Budget cuts will likely mean layoffs for CMU

CMUlogo2013_CMU_maroon_CMYKCentral Michigan University announced this week that a projected University-wide budget shortfall will likely be four-million dollars larger than initially thought.

CMU is also now projecting a 20 million dollar shortfall for the 2017-2018 fiscal year.

Barry Wilkes, vice president of finance and administrative services at the university, spoke with Ben Thorp about the deficit and what it means for the university.

Ben: Start by talking about how our understanding of how the budget shortfall has changed. I know initially that number was ten million and now that number is closer to fourteen. Walk me through that.

Wilkes: Originally when Fall enrollment numbers, last fall, 2016, came in we did a projection based on what we thought was going to happen Winter semester and then Summer one. At that time we had a estimate of a ten million dollar shortfall. When we got through January and saw what the actual numbers were for Spring semester we realized that the number had grown to about fourteen million. The increase in the shortfall is due to fewer student credit hours than had been anticipated.

Ben: How did we end up here because it sounds like a lot of it has to do with lower enrollment.

WIlkes: You’re exactly right. For a number of years now Michigan and a number of other states in the U.S. have had declining numbers of graduating high school seniors. If there are fewer graduating high school seniors than there are fewer traditional students to go to universities. We’re starting to see that trend hit CMU. So that is resulting in fewer students and therefore fewer student credit hours. That is projected to go on for several more years.

Ben: What is the budget shortfall projected to be for the next year and then if this is an enrollment problem and it’s going to continue for a few years what is the outlook moving forward?

Wilkes: The budget reduction or the budget shortfall that we’re estimating, and again we have a number of different estimates ranging from about 16 million dollars to 20 million dollars. Now that includes the 14 million shortfall that we have for this year, an increase of six million dollars, if you will.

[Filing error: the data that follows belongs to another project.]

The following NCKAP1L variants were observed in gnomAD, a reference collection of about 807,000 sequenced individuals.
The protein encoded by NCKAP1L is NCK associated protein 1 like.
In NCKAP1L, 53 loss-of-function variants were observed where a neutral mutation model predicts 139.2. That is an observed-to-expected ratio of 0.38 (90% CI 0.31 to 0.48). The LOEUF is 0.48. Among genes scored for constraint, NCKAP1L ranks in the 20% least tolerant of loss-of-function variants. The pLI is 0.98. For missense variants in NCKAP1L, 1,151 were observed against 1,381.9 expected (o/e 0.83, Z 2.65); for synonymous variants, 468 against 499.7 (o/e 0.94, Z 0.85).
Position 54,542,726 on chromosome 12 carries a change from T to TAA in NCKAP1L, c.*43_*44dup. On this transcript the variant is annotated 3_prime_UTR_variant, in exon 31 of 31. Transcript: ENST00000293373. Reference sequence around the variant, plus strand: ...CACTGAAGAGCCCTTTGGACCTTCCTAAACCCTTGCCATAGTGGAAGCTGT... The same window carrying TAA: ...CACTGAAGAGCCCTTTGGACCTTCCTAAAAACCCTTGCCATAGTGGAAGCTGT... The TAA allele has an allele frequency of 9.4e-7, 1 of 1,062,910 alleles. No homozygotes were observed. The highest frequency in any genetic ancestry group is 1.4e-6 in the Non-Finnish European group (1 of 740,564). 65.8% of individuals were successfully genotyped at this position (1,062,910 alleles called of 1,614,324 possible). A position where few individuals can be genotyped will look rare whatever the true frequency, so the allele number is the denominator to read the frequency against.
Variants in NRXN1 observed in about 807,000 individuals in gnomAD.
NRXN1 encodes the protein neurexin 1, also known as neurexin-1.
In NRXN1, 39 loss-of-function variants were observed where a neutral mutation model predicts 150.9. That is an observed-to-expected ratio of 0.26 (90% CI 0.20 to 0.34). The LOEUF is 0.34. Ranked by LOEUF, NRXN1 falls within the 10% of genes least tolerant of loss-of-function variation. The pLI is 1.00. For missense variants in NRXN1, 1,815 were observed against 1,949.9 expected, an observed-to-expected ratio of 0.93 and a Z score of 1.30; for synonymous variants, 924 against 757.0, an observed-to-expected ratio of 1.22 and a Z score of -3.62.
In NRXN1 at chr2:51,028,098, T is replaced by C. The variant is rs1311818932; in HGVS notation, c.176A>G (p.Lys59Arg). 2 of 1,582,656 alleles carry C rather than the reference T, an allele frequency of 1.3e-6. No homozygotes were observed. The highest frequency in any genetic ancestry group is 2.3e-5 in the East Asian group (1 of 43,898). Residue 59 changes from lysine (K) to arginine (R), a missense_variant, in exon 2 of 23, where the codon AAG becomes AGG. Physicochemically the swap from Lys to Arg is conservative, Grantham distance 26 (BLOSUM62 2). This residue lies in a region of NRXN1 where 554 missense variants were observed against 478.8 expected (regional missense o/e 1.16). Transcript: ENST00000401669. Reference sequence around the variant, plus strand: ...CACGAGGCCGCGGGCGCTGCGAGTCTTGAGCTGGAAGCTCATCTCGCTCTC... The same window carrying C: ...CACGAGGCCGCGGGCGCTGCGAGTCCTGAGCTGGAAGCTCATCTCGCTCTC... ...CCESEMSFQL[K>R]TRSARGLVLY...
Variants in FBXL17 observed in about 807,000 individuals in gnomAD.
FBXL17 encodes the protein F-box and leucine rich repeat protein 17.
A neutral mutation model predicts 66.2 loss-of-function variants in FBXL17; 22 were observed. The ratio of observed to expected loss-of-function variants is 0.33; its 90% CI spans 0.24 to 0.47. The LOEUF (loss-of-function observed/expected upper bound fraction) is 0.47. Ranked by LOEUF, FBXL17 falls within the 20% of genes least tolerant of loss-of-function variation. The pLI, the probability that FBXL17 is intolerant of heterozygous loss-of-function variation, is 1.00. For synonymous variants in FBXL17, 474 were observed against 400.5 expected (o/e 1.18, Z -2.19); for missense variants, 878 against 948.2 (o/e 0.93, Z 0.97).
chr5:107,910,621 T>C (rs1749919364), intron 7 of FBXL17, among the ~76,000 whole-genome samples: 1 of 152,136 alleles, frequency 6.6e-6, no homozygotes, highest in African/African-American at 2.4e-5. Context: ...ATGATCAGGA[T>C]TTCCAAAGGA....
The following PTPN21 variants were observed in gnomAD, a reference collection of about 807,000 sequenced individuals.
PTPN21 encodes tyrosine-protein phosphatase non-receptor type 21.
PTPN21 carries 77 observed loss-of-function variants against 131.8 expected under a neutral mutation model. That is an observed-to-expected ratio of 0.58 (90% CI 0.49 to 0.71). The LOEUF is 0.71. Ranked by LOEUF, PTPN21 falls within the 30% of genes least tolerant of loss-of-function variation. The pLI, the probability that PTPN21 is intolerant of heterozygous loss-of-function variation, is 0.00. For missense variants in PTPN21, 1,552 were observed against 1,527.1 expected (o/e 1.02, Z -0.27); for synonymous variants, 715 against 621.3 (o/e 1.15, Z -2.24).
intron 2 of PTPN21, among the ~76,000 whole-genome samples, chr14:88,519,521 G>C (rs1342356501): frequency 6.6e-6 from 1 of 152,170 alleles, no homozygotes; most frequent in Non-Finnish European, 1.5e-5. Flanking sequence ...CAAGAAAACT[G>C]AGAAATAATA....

As far as how we deal with it going forward for a number of years the university has been increasing their out of state recruitment efforts. We have been implementing new financial aid plans designed to attract students. We’re also doing more international recruiting as well as redoubling our efforts in doing some different things in the state of Michigan to try and attract the kind of students that we need and the kind of students that we want to be successful here.

Ben: Talk to me now about, my understanding from the press release is we are talking about making ‘baseline budget cuts.’ What are those and what does that mean for faculty?

Wilkes: Right now where we are is each division of the university is coming up with recommended budget reductions so I can’t tell you specifically what other divisions will be doing. We’ll be working through all those plans this month and into early April. What we do know at this point in time is that there will be some layoffs, I can’t tell you how many. Our budget is just short of two thirds compensation, so salary and benefits. It’s hard to find those kinds of dollars if you aren’t looking at positions. Many areas have been holding vacant positions so as there has been turnover and as people have left instead of filling a position they have held it vacant anticipating the need for base budget reductions. We’ll have a better idea of what those plans are and we’ll be communicating with the campus community mid to late April in terms of specifics.

Ben: Anything else you want to mention?

Wilkes: The only thing I guess I would say is it is difficult to give people the specific answers they want. People want to know how is this going to affect my department how is this going to affect me? And unfortunately because we’re dealing with very preliminary estimates we can’t give a very specific and definitive answer. We’ll have a budget and we’ll go to the board for a budget approval in June but we won’t know until the end of August what I’ll real enrollment is going to be. So it makes it challenging to be transparent and communicate in the way we know everybody wants to hear, they want to know what’s going on. We’re doing our best to get information out there as we have it even though we don’t have all of the answers.